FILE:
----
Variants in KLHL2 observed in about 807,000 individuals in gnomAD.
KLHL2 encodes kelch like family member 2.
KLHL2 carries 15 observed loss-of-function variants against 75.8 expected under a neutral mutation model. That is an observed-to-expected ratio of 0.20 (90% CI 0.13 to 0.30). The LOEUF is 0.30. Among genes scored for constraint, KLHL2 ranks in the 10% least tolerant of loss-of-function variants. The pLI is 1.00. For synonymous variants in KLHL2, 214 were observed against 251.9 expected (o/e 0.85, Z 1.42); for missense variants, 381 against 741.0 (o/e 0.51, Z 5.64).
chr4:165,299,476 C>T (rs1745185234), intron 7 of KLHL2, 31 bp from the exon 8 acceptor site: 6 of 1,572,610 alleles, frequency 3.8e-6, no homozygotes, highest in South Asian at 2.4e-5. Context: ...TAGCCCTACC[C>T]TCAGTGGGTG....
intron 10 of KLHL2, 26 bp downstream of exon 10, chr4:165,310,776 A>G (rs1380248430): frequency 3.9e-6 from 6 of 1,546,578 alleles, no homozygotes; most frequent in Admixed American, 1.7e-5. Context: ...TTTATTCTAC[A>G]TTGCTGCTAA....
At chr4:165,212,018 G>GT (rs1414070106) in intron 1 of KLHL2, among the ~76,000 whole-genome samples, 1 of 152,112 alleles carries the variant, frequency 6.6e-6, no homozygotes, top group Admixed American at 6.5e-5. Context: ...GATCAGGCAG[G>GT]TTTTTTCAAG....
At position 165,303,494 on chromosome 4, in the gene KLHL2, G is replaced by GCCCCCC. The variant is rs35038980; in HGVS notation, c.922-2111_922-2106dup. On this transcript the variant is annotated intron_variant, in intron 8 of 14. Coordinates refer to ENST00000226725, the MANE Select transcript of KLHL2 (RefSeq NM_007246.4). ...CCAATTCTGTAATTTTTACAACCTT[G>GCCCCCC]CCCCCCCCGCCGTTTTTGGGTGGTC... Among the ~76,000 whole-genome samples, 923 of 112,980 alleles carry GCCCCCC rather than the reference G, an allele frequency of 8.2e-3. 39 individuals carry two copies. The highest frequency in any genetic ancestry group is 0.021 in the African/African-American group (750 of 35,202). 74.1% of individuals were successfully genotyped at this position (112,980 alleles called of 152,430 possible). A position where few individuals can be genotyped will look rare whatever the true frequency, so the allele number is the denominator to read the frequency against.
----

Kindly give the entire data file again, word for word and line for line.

Variants in KLHL2 observed in about 807,000 individuals in gnomAD.
KLHL2 encodes kelch like family member 2.
KLHL2 carries 15 observed loss-of-function variants against 75.8 expected under a neutral mutation model. That is an observed-to-expected ratio of 0.20 (90% CI 0.13 to 0.30). The LOEUF is 0.30. Among genes scored for constraint, KLHL2 ranks in the 10% least tolerant of loss-of-function variants. The pLI is 1.00. For synonymous variants in KLHL2, 214 were observed against 251.9 expected (o/e 0.85, Z 1.42); for missense variants, 381 against 741.0 (o/e 0.51, Z 5.64).
chr4:165,299,476 C>T (rs1745185234), intron 7 of KLHL2, 31 bp from the exon 8 acceptor site: 6 of 1,572,610 alleles, frequency 3.8e-6, no homozygotes, highest in South Asian at 2.4e-5. Context: ...TAGCCCTACC[C>T]TCAGTGGGTG....
intron 10 of KLHL2, 26 bp downstream of exon 10, chr4:165,310,776 A>G (rs1380248430): frequency 3.9e-6 from 6 of 1,546,578 alleles, no homozygotes; most frequent in Admixed American, 1.7e-5. Context: ...TTTATTCTAC[A>G]TTGCTGCTAA....
At chr4:165,212,018 G>GT (rs1414070106) in intron 1 of KLHL2, among the ~76,000 whole-genome samples, 1 of 152,112 alleles carries the variant, frequency 6.6e-6, no homozygotes, top group Admixed American at 6.5e-5. Context: ...GATCAGGCAG[G>GT]TTTTTTCAAG....
At position 165,303,494 on chromosome 4, in the gene KLHL2, G is replaced by GCCCCCC. The variant is rs35038980; in HGVS notation, c.922-2111_922-2106dup. On this transcript the variant is annotated intron_variant, in intron 8 of 14. Coordinates refer to ENST00000226725, the MANE Select transcript of KLHL2 (RefSeq NM_007246.4). ...CCAATTCTGTAATTTTTACAACCTT[G>GCCCCCC]CCCCCCCCGCCGTTTTTGGGTGGTC... Among the ~76,000 whole-genome samples, 923 of 112,980 alleles carry GCCCCCC rather than the reference G, an allele frequency of 8.2e-3. 39 individuals carry two copies. The highest frequency in any genetic ancestry group is 0.021 in the African/African-American group (750 of 35,202). 74.1% of individuals were successfully genotyped at this position (112,980 alleles called of 152,430 possible). A position where few individuals can be genotyped will look rare whatever the true frequency, so the allele number is the denominator to read the frequency against.